Skip to main content

Tuition Discounting for Revenue Management

Abstract

Over the past decade, institutionally-funded financial aid (or “tuition discounts”) have been the fastest-growing item within most public four-year college and university operating budgets. One explanation for this trend is due to the changing structure of public colleges’ revenue streams, as tuition and fees have replaced state appropriations as a viable and predictable source of funding. This analysis explores the extent to which expenditures on institutionally-funded financial aid generates additional revenue for public four-year colleges and universities. Using institutional data (n = 174) from 2002 to 2008, the analysis implements a generalized method of moments (GMM) technique and concludes that aid indeed can be leveraged for revenue generation. However, this relationship is only sustainable to a certain point. When unfunded tuition discount rates exceed approximately 13%, institutions may experience diminishing revenue returns to this financial aid investment.

This is a preview of subscription content, access via your institution.

Fig. 1

Notes

  1. Hereafter, “tuition and fees” is referred to as “tuition.”

  2. Tuition discount rates are calculated by dividing total institutional aid expenditures by gross tuition revenue, as advocated by Baum and Lapovsky (2006).

References

  • Allan, R., & Lapovsky, L. (2005, July). Financial aid: Does it matter whether it’s funded? Business Officer Magazine.

  • Angrist, J. D. (2006). Instrumental variables methods in experimental criminological research: What, why and how? Journal of Experimental Criminology, 2(1), 23–44.

    Article  Google Scholar 

  • Archibald, R. B., & Feldman, D. H. (2008). Explaining increases in higher education costs. The Journal of Higher Education, 79(3), 268–295.

    Article  Google Scholar 

  • Arellano, M., & Bond, S. (1991). Some tests of specification for panel data: Monte Carlo evidence and an application to employment equations. The Review of Economic Studies, 58(2), 277–297.

    Article  Google Scholar 

  • Austin, D. A. (2010). Do lower lender subsidies reduce guaranteed student loan supply? Education Finance and Policy, 5(2), 138–176.

    Article  Google Scholar 

  • Baum, S., & Lapovsky, L. (2006). Tuition discounting: Not just a private practice. New York: The College Board.

    Google Scholar 

  • Baum, S., & Ma, J. (2010). Tuition discounting: Institutional aid patterns at public and private colleges and universities, 2000–01 to 2008–09 (p. 8). New York: The College Board.

    Google Scholar 

  • Baum, C. F., Schaffer, M. E., & Stillman, S. (2003). Instrumental variables and GMM: Estimation and testing. Stata Journal, 3(1), 1–31.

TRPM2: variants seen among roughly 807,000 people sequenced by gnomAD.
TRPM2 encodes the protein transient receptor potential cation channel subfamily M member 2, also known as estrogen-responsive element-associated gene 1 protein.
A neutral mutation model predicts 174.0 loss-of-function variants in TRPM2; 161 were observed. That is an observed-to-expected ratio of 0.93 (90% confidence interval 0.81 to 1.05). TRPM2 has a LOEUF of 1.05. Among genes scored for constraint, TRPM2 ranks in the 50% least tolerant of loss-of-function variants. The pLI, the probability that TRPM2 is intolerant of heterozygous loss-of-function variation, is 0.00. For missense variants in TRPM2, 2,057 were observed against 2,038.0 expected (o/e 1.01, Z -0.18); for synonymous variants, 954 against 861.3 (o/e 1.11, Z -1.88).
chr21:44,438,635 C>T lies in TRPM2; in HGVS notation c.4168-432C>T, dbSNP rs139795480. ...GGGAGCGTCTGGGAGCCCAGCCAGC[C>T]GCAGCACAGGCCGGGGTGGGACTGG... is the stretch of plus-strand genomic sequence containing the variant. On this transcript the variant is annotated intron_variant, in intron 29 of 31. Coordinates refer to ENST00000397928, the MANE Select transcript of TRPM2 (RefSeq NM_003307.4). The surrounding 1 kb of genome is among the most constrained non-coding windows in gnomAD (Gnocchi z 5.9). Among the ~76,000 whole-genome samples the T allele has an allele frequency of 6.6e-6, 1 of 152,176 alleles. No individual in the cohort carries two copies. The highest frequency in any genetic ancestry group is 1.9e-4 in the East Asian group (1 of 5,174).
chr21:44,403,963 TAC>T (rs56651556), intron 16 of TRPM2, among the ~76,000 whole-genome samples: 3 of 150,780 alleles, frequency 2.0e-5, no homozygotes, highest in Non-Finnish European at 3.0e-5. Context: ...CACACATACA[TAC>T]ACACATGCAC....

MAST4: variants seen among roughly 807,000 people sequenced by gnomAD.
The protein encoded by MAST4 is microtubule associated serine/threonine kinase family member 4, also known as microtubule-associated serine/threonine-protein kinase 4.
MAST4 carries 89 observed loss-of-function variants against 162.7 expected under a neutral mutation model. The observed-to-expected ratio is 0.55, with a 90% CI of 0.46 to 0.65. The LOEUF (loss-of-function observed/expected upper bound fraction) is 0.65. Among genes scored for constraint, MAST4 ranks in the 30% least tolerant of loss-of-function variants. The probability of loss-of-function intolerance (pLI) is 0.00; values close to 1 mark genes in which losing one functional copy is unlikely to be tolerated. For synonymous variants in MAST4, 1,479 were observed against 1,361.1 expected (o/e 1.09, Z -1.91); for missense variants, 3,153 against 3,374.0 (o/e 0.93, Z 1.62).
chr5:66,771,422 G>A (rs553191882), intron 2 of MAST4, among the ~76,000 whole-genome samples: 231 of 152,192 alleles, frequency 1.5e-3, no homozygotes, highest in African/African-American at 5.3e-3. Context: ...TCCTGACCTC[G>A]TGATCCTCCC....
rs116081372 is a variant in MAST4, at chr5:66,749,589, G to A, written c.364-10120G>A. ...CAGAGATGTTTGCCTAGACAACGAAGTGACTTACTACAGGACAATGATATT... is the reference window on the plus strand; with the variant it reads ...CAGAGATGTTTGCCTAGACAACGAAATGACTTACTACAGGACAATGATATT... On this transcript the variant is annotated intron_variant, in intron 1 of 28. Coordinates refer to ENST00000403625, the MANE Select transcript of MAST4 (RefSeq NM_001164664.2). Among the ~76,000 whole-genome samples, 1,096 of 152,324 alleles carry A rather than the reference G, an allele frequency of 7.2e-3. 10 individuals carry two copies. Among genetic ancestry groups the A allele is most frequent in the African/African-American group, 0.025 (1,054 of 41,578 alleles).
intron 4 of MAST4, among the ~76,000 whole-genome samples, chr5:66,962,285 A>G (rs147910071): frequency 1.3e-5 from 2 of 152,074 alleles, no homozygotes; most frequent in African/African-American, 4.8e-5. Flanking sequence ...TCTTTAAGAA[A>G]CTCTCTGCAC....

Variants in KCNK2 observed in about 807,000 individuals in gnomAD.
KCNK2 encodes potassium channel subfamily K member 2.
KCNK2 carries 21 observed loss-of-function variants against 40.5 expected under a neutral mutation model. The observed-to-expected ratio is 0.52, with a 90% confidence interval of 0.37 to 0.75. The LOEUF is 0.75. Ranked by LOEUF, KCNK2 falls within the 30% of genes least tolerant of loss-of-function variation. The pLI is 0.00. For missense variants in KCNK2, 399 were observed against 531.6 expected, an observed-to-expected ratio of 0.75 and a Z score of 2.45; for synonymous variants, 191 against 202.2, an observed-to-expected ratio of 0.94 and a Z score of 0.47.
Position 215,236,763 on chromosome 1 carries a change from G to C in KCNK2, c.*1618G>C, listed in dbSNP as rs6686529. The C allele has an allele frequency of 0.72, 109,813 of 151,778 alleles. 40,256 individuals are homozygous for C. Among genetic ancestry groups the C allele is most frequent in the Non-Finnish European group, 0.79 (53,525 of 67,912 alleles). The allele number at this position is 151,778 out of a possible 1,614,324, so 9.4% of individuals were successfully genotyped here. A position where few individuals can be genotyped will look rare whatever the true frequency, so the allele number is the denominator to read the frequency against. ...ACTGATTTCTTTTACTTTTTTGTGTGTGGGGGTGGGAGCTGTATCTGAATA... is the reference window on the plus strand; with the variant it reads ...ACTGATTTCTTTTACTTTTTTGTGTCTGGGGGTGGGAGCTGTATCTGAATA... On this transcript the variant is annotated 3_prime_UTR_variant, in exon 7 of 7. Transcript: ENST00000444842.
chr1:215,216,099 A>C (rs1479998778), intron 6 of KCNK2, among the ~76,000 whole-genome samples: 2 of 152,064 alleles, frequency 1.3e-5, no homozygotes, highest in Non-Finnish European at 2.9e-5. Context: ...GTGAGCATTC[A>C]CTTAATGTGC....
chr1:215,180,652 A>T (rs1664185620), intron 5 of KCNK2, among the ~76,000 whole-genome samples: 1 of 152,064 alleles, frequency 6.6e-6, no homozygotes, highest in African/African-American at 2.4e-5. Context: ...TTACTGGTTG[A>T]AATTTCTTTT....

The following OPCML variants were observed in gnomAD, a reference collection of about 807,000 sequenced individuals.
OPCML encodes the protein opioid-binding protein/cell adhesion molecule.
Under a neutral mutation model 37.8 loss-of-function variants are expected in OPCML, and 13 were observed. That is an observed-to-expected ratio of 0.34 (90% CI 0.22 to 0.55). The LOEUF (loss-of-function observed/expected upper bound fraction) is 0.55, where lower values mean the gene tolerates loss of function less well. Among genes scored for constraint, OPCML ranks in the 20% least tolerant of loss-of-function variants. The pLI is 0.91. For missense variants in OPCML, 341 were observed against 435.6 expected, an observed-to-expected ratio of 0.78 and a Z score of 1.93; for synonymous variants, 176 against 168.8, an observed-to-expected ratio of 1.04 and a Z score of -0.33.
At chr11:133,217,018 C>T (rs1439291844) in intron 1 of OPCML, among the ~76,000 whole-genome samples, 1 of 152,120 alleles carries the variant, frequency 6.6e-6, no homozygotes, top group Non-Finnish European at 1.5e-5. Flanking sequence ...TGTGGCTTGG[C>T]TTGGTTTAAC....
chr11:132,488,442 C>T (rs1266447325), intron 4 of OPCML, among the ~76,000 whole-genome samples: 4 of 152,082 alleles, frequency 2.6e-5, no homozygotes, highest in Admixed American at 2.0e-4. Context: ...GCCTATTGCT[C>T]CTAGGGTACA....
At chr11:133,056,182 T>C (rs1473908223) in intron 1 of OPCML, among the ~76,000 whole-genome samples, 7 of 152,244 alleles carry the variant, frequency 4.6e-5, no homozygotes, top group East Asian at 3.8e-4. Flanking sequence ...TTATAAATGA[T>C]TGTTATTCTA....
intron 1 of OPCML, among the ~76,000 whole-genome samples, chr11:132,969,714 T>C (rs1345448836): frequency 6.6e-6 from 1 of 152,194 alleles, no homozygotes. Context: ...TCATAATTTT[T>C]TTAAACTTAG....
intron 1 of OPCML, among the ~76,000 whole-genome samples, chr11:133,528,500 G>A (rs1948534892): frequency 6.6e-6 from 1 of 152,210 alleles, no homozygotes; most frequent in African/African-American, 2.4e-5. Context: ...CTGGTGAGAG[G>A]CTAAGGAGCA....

Google Scholar 

  • Blundell, R., & Bond, S. (1998). Initial conditions and moment restrictions in dynamic panel data models. Journal of Econometrics, 87(1), 115–143.

    Article  Google Scholar 

  • Blundell, R., Bond, S., & Windmeijer, F. (2000). Estimation in dynamic panel data models: Improving on the performance of the standard GMM estimator. Advances in Econometrics, 15, 53–92.

    Article  Google Scholar 

  • Bond, S. R. (2002). Dynamic panel data models: A guide to micro data methods and practice. Portuguese Economic Journal, 1(2), 141–162.

    Article  Google Scholar 

  • Bound, J., Jaeger, D. A., & Baker, R. M. (1995). Problems with instrumental variables estimation when the correlation between the instruments and the endogenous explanatory variable is weak. Journal of the American Statistical Association, 90(430), 443–450.

    Article  Google Scholar 

  • Bowen, H. R. (1980). The costs of higher education. San Francisco: Jossey-Bass.

    Google Scholar 

  • Breneman, D., Doti, J., & Lapovsky, L. (2001). Financing private colleges and universities: The role of tuition discounts. In M. B. Paulsen & J. C. Smart (Eds.), The finance of higher education: Theory, research, policy, and practice (pp. 279–461). New York: Algora Publishing.

    Google Scholar 

  • Brewer, D., Gates, S., & Goldman, C. (2002). In pursuit of prestige. Santa Monica: RAND Corporation.

    Google Scholar 

  • Brinkman, P., & Morgan, A. (2010). Financial planning: Strategies and lessons learned. Planning for Higher Education, 38(3), 5–14.

    Google Scholar 

  • Chen, R., & DesJardins, S. L. (2010). Investigating the impact of financial aid on student dropout risks: Racial and ethnic differences. The Journal of Higher Education, 81(2), 179–208.

    Article  Google Scholar 

  • Cheslock, J. J. (2006). Applying economics to institutional research on higher education revenues. New Directions for Institutional Research, 2006(132), 25–41.

    Article  Google Scholar 

  • College Board. (2010). SAT-ACT concordance tables. Retrieved October 14, 2010, from http://professionals.collegeboard.com/data-reports-research/sat/sat-act.

  • Curs, B. R. (2008). The effects of institutional merit-based aid on the enrollment decisions of needy students. Enrollment Management Journal, 2(1), 10–31.

    Google Scholar 

  • Curs, B. R., & Dar, L. (2010). Does state financial aid affect institutional aid? An analysis of the role of state policy on postsecondary institutional pricing strategies. SSRN eLibrary. Retrieved from http://papers.ssrn.com/sol3/papers.cfm?abstract_id=1641489

  • Curs, B. R., & Singell, L. D. (2010). Aim high or go low? Pricing strategies and enrollment effects when the net price elasticity varies with need and ability. The Journal of Higher Education, 81(4), 515–543.

    Article  Google Scholar 

  • Davis, J. S. (2003). Unintended consequences of tuition discounting. Indianapolis: Lumina Foundation.

    Google Scholar 

  • DesJardins, S. L., & McCall, B. P. (2010). Simulating the effects of financial aid packages on college student stopout, reenrollment spells, and graduation chances. The Review of Higher Education, 33(4), 513–541.

    Article  Google Scholar 

  • Desrochers, D., Lenihan, C., & Wellman, J. (2010). Trends in college spending, 1998–2008 (p. 56). Washington, DC: Delta Project on Postsecondary Education Costs, Productivity, and Accountability.

    Google Scholar 

  • Doyle, W. R. (2010). Changes in institutional aid, 1992–2003: The evolving role of merit aid. Research in Higher Education, 51(8), 789–810.

    Article  Google Scholar 

  • Doyle, W. R., Delaney, J. A., & Naughton, B. A. (2009). Does institutional aid compensate for or comply with state policy? Research in Higher Education, 50(5), 502–523.

    Article  Google Scholar 

  • Duffy, E. A., & Goldberg, I. (1998). Crafting a class: College admissions and financial aid, 1955–1994. Princeton: Princeton University Press.

    Google Scholar 

  • Ehrenberg, R., Zhang, L., & Levin, J. (2006). Crafting a class: The trade-off between merit scholarships and enrolling lower-income students. The Review of Higher Education, 29(2), 195–211.

    Article  Google Scholar 

  • Halaby, C. N. (2004). Panel models in sociological research: Theory into practice. Annual Review of Sociology, 30, 507–544.

    Article  Google Scholar